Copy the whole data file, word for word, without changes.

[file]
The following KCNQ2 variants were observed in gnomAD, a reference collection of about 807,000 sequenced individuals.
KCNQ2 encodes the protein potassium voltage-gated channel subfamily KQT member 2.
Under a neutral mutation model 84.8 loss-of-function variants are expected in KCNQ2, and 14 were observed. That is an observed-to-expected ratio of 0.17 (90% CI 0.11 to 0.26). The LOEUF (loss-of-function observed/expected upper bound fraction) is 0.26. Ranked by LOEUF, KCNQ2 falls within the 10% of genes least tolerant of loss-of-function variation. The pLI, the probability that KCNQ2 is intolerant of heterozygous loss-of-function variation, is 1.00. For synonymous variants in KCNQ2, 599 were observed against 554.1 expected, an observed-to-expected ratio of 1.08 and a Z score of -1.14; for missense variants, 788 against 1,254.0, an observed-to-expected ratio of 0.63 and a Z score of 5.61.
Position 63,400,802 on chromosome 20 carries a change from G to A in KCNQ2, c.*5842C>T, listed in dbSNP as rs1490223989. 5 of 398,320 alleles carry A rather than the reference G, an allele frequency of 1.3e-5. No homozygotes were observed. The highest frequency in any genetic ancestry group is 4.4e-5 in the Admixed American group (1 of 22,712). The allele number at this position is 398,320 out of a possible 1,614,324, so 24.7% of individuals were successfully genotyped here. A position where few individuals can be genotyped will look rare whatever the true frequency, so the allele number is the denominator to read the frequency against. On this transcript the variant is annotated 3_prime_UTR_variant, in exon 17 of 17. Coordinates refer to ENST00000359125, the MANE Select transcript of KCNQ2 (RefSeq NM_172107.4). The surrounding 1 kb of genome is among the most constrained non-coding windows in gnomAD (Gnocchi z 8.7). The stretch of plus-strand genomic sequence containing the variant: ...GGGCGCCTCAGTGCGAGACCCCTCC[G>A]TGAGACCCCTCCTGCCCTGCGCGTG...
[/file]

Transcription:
The following KCNQ2 variants were observed in gnomAD, a reference collection of about 807,000 sequenced individuals.
KCNQ2 encodes the protein potassium voltage-gated channel subfamily KQT member 2.
Under a neutral mutation model 84.8 loss-of-function variants are expected in KCNQ2, and 14 were observed. That is an observed-to-expected ratio of 0.17 (90% CI 0.11 to 0.26). The LOEUF (loss-of-function observed/expected upper bound fraction) is 0.26. Ranked by LOEUF, KCNQ2 falls within the 10% of genes least tolerant of loss-of-function variation. The pLI, the probability that KCNQ2 is intolerant of heterozygous loss-of-function variation, is 1.00. For synonymous variants in KCNQ2, 599 were observed against 554.1 expected, an observed-to-expected ratio of 1.08 and a Z score of -1.14; for missense variants, 788 against 1,254.0, an observed-to-expected ratio of 0.63 and a Z score of 5.61.
Position 63,400,802 on chromosome 20 carries a change from G to A in KCNQ2, c.*5842C>T, listed in dbSNP as rs1490223989. 5 of 398,320 alleles carry A rather than the reference G, an allele frequency of 1.3e-5. No homozygotes were observed. The highest frequency in any genetic ancestry group is 4.4e-5 in the Admixed American group (1 of 22,712). The allele number at this position is 398,320 out of a possible 1,614,324, so 24.7% of individuals were successfully genotyped here. A position where few individuals can be genotyped will look rare whatever the true frequency, so the allele number is the denominator to read the frequency against. On this transcript the variant is annotated 3_prime_UTR_variant, in exon 17 of 17. Coordinates refer to ENST00000359125, the MANE Select transcript of KCNQ2 (RefSeq NM_172107.4). The surrounding 1 kb of genome is among the most constrained non-coding windows in gnomAD (Gnocchi z 8.7). The stretch of plus-strand genomic sequence containing the variant: ...GGGCGCCTCAGTGCGAGACCCCTCC[G>A]TGAGACCCCTCCTGCCCTGCGCGTG...